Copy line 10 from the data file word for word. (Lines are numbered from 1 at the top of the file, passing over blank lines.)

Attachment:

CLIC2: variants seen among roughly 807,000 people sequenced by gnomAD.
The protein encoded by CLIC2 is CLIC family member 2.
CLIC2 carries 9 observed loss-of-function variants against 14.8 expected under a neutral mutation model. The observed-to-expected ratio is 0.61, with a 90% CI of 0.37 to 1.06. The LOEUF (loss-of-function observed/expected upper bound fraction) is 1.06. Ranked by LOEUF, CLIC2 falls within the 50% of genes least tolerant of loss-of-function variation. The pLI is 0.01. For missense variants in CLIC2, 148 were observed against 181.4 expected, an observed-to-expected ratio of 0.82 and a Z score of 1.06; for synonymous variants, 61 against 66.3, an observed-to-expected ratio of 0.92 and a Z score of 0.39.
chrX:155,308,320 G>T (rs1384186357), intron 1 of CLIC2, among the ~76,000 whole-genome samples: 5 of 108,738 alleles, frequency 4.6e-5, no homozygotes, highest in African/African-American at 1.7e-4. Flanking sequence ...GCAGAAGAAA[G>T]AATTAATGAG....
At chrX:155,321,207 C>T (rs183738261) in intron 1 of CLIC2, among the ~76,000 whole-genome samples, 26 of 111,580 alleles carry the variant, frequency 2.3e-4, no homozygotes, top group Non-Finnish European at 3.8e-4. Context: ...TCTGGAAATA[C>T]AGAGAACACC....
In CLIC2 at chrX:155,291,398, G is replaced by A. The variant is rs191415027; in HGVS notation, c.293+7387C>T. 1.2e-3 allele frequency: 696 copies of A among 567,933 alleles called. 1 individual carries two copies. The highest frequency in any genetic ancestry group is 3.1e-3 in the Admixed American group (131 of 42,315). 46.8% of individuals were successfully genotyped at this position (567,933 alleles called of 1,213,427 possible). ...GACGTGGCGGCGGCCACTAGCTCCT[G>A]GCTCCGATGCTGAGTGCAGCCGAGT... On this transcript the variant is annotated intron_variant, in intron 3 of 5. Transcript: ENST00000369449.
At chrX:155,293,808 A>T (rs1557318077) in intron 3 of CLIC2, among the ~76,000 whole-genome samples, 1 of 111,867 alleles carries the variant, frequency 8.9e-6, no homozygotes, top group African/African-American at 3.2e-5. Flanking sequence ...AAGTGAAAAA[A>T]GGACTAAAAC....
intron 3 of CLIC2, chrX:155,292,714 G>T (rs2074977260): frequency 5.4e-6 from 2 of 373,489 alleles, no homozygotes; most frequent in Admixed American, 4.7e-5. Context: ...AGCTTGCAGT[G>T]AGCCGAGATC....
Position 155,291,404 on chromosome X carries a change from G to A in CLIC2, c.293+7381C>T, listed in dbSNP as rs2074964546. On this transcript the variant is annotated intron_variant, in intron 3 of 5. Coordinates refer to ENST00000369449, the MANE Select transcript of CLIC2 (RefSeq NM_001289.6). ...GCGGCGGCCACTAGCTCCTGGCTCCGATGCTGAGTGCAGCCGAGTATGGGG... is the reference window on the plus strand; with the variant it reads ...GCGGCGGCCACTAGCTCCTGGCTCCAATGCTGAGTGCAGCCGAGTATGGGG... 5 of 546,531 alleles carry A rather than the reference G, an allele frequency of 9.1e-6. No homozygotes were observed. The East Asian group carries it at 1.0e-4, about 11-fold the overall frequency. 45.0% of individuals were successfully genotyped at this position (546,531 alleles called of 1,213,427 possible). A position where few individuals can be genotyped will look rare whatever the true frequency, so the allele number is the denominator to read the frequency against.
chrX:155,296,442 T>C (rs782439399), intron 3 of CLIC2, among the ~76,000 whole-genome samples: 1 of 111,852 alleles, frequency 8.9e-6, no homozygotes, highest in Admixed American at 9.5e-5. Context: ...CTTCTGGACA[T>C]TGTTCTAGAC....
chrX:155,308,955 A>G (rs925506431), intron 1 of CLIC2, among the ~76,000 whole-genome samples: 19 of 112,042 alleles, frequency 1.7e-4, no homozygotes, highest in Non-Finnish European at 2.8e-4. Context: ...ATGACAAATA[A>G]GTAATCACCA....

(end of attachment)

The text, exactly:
chrX:155,296,442 T>C (rs782439399), intron 3 of CLIC2, among the ~76,000 whole-genome samples: 1 of 111,852 alleles, frequency 8.9e-6, no homozygotes, highest in Admixed American at 9.5e-5. Context: ...CTTCTGGACA[T>C]TGTTCTAGAC....